Orem junior Cooper Legas is already an accomplished athlete. As a sophomore, he not only won the 4A state title in the javelin but he also finished fourth in the 182-pound weight class in the 4A state wrestling tournament.
Oh, yeah … he also plays football.
Legas has utilized his wide variety of skills to power the Tiger offense this fall, guiding them to an 8-2 overall record and an undefeated 5-0 run through Region 10. The two Orem losses came at the hands of 6A Bingham and 5A Corner Canyon — both of which are undefeated.
The numbers the junior quarterback have put up are staggering:
- 84 rushes
- 862 rushing yards
- Four rushing touchdowns
- 169-of-254 passing (66.5 percent)
- 3,053 passing yards
- 34 passing touchdowns, seven interceptions
- 338 plays participated in
- 3,915 total yards
- 38 total touchdowns
For his incredible offensive prowess and his tremendous versatility, the Daily Herald is proud to honor Cooper Legas as the 2017 Daily Herald Utah Valley Football Player of the Year.
Tiger head coach Jeremy Hill said although other Tigers like junior wide receiver Puka Nacua get a lot of the attention, the team relies heavily on Legas to propel it to victory.
“I am happy he’s being recognized,” Hill said. “Puka tends to get more attention than Cooper does, has more of the offers. People ask who can you not live without. We won the two games that Puka sat out, but I don’t know if we win two games if Cooper sits out. I don’t know if we get along without Cooper.”
Legas was quick to credit the other Tigers, saying teamwork has been key for this squad.
“This year we have a lot of kids who are unselfish and play for the team,” Legas said. “It’s helped us beat a lot of good teams.”
One of those teams was an opponent from Bakersfield, Calif., who might have underestimated Orem.
“The trip was a lot of fun, being with the team,” Legas said. “We played Bakersfield and they were supposed to be really good. The announcers the whole time were saying that our team should never be able to play with a California team and then we put up 63 points on them. It was a lot of fun showing them that Utah teams can play.”
Hill recalled one run by Legas during that contest that demonstrated his talent.
“There was a play he made out in Bakersfield where seven or eight guys thought they had him tackled,” Hill said. “He went almost parallel to the ground, within inches of being down, but somehow he popped up and jogged to the end zone.”
The junior said he has always been able to run fairly well, but said the big key is continuing to develop his passing game.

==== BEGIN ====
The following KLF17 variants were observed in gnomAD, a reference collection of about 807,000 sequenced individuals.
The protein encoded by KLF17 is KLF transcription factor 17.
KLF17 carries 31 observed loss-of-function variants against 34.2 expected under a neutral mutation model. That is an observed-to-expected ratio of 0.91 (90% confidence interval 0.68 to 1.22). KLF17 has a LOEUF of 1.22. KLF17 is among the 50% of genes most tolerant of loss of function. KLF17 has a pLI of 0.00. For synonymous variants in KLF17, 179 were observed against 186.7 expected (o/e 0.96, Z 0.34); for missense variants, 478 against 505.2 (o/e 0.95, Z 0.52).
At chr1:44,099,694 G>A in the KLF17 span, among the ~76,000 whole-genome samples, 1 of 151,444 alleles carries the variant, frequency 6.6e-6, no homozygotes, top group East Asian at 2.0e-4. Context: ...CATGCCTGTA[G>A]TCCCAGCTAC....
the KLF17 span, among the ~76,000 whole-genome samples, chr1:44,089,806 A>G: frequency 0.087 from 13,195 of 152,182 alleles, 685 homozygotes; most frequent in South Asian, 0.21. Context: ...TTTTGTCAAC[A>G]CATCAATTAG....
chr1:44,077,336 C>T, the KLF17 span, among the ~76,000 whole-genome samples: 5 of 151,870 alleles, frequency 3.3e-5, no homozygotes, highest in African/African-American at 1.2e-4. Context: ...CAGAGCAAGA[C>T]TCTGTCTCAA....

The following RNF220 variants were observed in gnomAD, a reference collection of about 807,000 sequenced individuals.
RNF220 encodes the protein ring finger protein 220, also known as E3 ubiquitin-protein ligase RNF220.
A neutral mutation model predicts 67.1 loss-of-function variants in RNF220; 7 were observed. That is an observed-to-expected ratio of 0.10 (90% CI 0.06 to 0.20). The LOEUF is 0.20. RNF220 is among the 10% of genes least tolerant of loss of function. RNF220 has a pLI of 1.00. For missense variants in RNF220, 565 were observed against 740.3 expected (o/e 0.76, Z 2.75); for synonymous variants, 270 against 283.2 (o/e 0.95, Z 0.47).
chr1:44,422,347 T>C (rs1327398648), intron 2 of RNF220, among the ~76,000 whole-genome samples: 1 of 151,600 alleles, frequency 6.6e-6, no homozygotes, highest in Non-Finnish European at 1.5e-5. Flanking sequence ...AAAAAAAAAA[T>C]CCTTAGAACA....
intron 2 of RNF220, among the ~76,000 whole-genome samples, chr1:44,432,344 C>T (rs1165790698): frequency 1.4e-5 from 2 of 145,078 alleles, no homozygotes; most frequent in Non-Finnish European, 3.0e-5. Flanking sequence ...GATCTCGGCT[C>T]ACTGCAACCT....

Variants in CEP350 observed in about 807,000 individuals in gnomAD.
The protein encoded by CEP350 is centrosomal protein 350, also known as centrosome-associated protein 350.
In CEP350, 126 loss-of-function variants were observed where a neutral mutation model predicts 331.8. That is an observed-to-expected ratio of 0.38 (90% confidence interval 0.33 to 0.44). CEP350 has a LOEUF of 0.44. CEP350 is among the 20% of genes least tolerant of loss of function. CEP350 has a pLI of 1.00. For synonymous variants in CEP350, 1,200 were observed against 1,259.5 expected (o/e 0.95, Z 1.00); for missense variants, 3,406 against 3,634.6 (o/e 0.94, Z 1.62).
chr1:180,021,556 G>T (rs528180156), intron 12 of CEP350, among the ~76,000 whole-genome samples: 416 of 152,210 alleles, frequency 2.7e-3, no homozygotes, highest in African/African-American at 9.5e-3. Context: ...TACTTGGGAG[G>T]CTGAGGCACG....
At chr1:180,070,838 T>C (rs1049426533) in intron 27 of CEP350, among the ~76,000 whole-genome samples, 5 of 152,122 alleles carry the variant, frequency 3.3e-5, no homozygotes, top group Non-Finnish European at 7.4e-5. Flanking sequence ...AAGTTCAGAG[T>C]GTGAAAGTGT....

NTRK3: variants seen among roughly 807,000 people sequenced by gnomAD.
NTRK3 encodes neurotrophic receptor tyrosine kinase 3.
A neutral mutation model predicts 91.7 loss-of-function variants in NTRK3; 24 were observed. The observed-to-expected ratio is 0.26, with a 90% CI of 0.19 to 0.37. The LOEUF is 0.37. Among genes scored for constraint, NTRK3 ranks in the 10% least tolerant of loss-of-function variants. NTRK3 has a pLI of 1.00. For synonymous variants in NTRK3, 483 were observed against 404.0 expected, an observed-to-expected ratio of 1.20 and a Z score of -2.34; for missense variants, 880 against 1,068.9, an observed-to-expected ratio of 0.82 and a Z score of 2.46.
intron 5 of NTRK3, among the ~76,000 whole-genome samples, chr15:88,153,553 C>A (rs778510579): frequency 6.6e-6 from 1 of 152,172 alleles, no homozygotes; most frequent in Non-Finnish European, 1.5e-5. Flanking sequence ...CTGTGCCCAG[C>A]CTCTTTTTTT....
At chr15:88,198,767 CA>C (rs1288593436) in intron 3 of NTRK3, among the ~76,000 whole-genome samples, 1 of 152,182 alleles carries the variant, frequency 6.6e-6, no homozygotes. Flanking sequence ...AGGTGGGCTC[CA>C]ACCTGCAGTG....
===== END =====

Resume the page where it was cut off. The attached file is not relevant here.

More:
“I’ve always been able to run,” Legas said. “My first two years as a freshman and sophomore, they would pretty much just put me in if we needed to run. I feel like I’ve always been able to do that, but I’ve really been trying to work on my passing game so colleges can see that I can throw, too.”
But his agility is also a weapon and Hill has seen Legas put it to good use for years.
“My offensive coordinator was getting frustrated with Cooper not throwing the ball when he should have,” Hill said. “I told him that he had to be patient because Cooper is like Tim Tebow. Sometimes when everything breaks down, he’s at his best.”
Hill explained that Legas is one of those young men who always gives his best, no matter what he’s doing.
“Coop is awesome,” Hill said. “He’s the most coachable kid I’ve been around. He’s a 4.0 kid and whatever he sets his mind to, he succeeds in. He’s a coach’s dream, for sure.”
Hill loves the toughness Legas brings to the football field.
“He has that toughness from wrestling,” Hill said. “I think wrestling has also given him some rubber hips, which helps him not to go down. I don’t know a tougher kid. He’s been hurt, but he’s never been injured and missed time. If we are running scout offense, he wants to hop in and play receiver or something different. He’s always begging me to play defense. He’s a kid who truly loves the game.”
Legas believes that mentality should be one every high school athlete embraces.
“I’d say the biggest thing is if you are going to play, be all in,” Legas said. “Don’t miss practices. Play for the team and not for yourself. Having amazing athletes doesn’t mean you are the best team. You have to work together to be able to win games.”